Because an increase in IOP can lower ocular perfusion pressure despite the maintenance of normal MAP, it is important to understand what happens to IOP in the prone anesthetized patient. In a study of awake volunteers, IOP increased from 13.5 ± 2.01 mmHg in the sitting position to 20.0 ± 3.27 mmHg in the prone position, 8 suggesting that prone positioning intraoperatively may also increase IOP. However, the use of general anesthesia has been shown to decrease IOP in the supine position. 9 The balance between the opposing effects of general anesthesia and prone positioning likely plays an important role in the net ocular perfusion pressure. The purpose of the current study was to examine the combined effects of general anesthesia and the prone position on IOP in patients undergoing spine surgery.
Materials and Methods
After approval by the human studies committee, informed consent was obtained from 20 patients (American Society of Anesthesiologists physical status I–III), aged 18–80 yr, scheduled for spine surgery in the prone position. Patients with preexisting eye disease or previous eye surgery, allergy to tetracaine, or allergy to latex were not enrolled in the study. Before commencement of the study, intravenous catheters and standard anesthetic monitors (i.e.  , blood pressure cuff, electrocardiograph, and pulse oximeter) were placed for all patients.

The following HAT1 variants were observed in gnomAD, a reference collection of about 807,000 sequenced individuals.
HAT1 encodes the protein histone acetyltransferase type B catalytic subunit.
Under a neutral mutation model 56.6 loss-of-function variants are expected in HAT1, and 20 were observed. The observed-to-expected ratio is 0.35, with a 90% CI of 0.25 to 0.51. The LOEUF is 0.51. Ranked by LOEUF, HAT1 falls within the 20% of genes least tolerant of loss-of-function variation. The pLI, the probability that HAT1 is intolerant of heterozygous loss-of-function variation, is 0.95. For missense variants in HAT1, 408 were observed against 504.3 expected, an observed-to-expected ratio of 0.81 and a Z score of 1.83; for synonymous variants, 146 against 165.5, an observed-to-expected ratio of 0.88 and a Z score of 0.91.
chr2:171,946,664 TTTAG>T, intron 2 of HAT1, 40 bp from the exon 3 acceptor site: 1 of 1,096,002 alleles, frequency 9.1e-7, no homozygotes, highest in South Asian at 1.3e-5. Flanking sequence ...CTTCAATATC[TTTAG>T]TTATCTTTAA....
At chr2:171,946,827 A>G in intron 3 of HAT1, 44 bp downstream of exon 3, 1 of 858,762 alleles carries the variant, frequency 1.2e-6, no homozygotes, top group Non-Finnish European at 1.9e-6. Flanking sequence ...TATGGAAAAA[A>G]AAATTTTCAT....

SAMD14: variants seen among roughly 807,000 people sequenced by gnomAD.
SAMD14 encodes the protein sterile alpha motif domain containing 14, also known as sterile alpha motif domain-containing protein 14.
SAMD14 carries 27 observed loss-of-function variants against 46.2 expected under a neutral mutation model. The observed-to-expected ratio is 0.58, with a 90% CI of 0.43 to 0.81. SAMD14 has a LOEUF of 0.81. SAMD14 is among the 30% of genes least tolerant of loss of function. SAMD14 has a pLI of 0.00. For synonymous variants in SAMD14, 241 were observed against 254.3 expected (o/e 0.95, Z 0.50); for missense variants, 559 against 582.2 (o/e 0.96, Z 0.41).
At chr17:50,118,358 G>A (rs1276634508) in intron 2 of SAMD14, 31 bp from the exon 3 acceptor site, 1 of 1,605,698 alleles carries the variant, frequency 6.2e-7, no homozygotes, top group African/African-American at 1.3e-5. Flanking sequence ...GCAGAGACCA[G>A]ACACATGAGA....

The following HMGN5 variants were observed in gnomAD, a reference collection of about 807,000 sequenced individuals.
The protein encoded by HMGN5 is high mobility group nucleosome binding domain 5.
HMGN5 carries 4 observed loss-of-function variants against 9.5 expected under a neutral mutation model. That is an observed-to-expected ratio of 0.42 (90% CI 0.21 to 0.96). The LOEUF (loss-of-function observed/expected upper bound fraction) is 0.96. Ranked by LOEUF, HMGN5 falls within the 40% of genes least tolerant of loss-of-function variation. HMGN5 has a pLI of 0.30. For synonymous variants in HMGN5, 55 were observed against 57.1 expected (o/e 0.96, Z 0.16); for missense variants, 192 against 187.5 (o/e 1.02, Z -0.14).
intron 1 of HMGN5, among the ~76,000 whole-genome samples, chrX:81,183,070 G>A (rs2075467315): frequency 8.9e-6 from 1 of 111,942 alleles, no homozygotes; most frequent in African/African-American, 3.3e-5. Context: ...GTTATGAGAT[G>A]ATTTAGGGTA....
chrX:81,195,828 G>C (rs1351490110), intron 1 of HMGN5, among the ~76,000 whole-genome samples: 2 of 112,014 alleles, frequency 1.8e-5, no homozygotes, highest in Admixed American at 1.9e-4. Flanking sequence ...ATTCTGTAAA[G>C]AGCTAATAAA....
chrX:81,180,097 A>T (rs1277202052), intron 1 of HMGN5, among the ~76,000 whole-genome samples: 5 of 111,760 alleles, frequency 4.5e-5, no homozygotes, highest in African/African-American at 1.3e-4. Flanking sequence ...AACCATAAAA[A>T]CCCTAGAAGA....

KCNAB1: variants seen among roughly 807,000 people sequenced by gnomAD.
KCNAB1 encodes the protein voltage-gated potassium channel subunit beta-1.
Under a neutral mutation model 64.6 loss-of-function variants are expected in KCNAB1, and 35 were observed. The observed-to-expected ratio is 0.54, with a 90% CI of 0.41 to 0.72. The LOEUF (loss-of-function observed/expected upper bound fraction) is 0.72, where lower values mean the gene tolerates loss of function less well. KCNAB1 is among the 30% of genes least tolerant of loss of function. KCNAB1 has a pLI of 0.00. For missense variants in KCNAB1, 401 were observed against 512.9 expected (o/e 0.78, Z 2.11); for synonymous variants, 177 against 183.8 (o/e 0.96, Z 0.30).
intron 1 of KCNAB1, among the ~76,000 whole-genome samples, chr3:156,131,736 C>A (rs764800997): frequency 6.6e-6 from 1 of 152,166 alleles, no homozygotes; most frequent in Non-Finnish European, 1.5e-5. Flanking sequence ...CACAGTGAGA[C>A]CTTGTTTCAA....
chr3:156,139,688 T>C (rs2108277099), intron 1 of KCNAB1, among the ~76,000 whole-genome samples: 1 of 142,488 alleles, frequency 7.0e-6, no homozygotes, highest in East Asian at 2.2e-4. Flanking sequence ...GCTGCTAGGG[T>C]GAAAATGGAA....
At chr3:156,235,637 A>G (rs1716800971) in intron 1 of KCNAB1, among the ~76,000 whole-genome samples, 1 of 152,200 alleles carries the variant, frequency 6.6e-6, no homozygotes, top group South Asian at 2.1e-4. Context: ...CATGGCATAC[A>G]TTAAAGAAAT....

Both eyes were topically anesthetized with 0.5% tetracaine hydrochloride drops, and baseline IOP was measured in the supine position before premedication (baseline) with a Tono-pen®XL handheld tonometer (Mentor, Norwell, MA). The tonometer operates on the principle of the Imbert–Fick law: P = F/A, where P = intraocular pressure, F = the amount of force exerted by the tonometer to flatten a specific area of the eye, and A = the area flattened.
The Tono-pen®XL contains a strain gauge that converts IOP measurements to an electrical signal. The tonometer averages four successful readings and displays the mean and SD. Measurements were retaken if the range was greater than 5%. At the time of each tonometer reading, the following data set was collected: MAP, heart rate, end-tidal carbon dioxide, end-tidal isoflurane, percent inspired oxygen, and peak inspiratory pressure.